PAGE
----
Who says books don't sell in Pakistan?

March 11, 2008: A seemingly unimportant event in 1981 made me realise that books do sell in Pakistan. A small advertisement appeared in a leading Urdu newspaper informing the readers that Mukhtar Masood's new book, "Safar Naseeb", had come out. I went to Urdu Bazaar the following day and, entering Punjab Book Agency, which sold literary titles, asked for the book.

Nazeer Sahib, the shopkeeper with whom I had struck an acquaintance over the years, smiled and informed me that the new arrival had already sold out. When I pointed out that the advertisement about the book had appeared only the previous day, he laughed heartily and, looking at his fellow shopkeeper who stood nearby and was equally amused, said: "Mukhtar Masood ki nai kitab itni tezi se biki hai, kamal ho gaya (It is great that Mukhtar Masood's new book has sold so fast)."

"Books do sell here," I thought and left for the other bookshop. Mukhtar Masood's first book, "Awaz-e-Dost", had won accolades from readers and critics alike for its elegant prose, literary style and musings on history. It had established its author as a successful man of letters. So, his second book's brisk sale was not surprising, yet it was a literary travel account and its astonishingly quick sale stood at odd variance with the oft-repeated lament that literary books only gather dust at bookshops.

Afterwards, I got hold of some surveys on the reading habits of Pakistanis. The surveys were published by some government institutions. They told me that books did sell in Pakistan, though not as much as they should, or at least not in proportion to the country's huge population. But keeping in view Pakistan's low literacy rate, the sale of books was not too bad. Religion and fiction sold well, followed by humour, history and poetry. "These government statistics are not meant to be believed," I told myself.

But then there were books like those of Shafeeq-ur Rehman that sold steadily and were printed over and over again. Looking at the list of best-selling titles, you would agree with me that even today books sell well and people read a lot. "Khuda Ki Basti", Shaukat Siddiqui's novel that earned him name all over the world and was translated into more than 25 languages, is a case in point. Its Urdu version has run into 50 editions, though most of them were unauthorized and even the original publisher printed several editions without the author knowing it. The author later sued the publisher and that's one reason why publishers don't speak about huge book sales. Then there is "Shahab Nama", the ever-green memoirs of President Ayub Khan's secretary and writer Qudrat-ul-lah Shahab. The 1994 edition that I possess is its 13th and a lot of water has passed under the bridge since then.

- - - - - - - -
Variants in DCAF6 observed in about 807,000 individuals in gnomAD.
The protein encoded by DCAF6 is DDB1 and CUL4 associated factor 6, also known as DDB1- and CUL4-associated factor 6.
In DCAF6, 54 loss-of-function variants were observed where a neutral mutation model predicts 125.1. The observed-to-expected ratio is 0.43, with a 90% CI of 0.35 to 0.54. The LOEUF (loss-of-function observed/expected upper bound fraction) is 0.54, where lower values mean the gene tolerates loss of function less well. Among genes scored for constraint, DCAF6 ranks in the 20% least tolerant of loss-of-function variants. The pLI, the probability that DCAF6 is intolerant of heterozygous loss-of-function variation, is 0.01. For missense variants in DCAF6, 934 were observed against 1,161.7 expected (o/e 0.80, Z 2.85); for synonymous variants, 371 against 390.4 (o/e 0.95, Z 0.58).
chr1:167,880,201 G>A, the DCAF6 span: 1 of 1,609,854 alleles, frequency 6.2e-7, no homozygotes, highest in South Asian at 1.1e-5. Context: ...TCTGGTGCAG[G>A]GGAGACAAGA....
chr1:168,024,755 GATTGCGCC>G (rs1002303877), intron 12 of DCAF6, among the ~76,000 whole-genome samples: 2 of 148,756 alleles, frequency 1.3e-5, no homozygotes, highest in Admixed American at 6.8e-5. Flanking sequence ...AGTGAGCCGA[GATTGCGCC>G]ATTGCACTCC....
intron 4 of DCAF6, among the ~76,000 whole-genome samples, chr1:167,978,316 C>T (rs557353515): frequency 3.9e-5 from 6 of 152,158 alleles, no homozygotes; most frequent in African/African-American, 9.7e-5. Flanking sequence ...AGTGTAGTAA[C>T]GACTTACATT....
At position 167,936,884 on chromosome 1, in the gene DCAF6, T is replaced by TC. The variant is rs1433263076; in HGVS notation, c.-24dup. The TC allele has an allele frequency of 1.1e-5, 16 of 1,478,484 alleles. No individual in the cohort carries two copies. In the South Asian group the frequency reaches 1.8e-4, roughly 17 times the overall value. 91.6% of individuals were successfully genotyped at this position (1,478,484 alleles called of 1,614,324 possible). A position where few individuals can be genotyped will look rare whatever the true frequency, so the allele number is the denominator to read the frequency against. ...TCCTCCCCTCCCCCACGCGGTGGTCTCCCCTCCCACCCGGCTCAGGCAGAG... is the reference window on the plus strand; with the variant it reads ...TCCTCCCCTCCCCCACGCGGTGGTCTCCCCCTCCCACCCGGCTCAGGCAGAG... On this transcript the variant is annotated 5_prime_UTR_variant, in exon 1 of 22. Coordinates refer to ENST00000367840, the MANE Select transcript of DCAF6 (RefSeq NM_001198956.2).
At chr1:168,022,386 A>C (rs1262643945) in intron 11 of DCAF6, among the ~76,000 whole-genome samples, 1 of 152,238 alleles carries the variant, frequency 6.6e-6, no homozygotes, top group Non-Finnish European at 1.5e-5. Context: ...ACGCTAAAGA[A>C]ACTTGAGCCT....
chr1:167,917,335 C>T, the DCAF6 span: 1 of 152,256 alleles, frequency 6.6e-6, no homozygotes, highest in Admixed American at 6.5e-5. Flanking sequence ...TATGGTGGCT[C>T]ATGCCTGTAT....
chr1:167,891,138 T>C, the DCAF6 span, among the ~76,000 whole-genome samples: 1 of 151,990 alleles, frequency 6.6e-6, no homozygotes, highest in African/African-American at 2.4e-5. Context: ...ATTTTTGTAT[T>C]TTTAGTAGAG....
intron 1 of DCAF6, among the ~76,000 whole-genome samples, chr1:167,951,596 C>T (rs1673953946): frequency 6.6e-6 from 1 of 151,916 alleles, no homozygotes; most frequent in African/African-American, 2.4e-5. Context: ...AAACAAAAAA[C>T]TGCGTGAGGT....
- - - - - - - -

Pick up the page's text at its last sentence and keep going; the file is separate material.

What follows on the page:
To meet their ever-rising demand, Ibn-e-Insha's books were recently reprinted umpteenth time. Though most of the Pakistani editions of Qurat-ul-Ain Hyder's books have been unauthorized, they have been a source of great joy and money for publishers. Apart from these modern writers, masters like Ghalib have never been out of print. Urdu's classical works too attract a lot of readers and are printed over and over again.

When Harry Potter took the reading world by storm, the local market was also flooded with its sequels, although only a few hundred copies were imported and the widening gap between supply and demand was filled by ever-so-creative and ingenuous local publishers with pirated editions.

People associated with bookselling for long would tell you several rags-to-riches stories of book importers. One of the largest importers of books used to have a kiosk-like bookstall in a narrow lane in Karachi's Saddar area where once stood a cinema called Capitol. There are numerous publishers of Urdu books who started from scratch and are doing a roaring business these days.

So, what about all the fuss created by publishers and booksellers? "Books don't sell, people don't read anymore, the electronic media and the Internet have made books irrelevant, all people want are fast food and DVDs." This is the stock reply you receive when you discuss the issue with publishers and booksellers. "So why don't you wind up and do something else instead, selling burgers for instance," ask them and they will be more evasive, conveniently forgetting that it is their second or in some cases third generation that is involved in publishing or bookselling or both.

The recent international book fair in Karachi saw an overwhelming public response. On the very first day of the fair, I entered the hall at about 11 in the morning and headed straight to the stall that sold Indian books, looking especially for Urdu books published in India and patting myself on the back for being an early bird. I was dismayed and overjoyed in equal measure when I realised that bibliophiles like Prof Rafeeq Ahmed Naqsh had already helped themselves to the fare available at the bookstall. By 1pm, about half the books on that stall were gone and book lovers like Prof Sahar Ansari, Asif Farrukhi, Prof Dr Zafar Iqbal, Aqeel Abbas Jafri, and Mubin Mirza were seen triumphantly carrying away their prized buys.

Where are people who say books don't sell in Pakistan? But, yes, if by books they mean some wretched poetry collections by equally wretched poets who know nothing either about poetry or about language, then they are right: books don't sell in Pakistan. But, then, we should not worry about such books.

By Rauf Parekh (Dawn)

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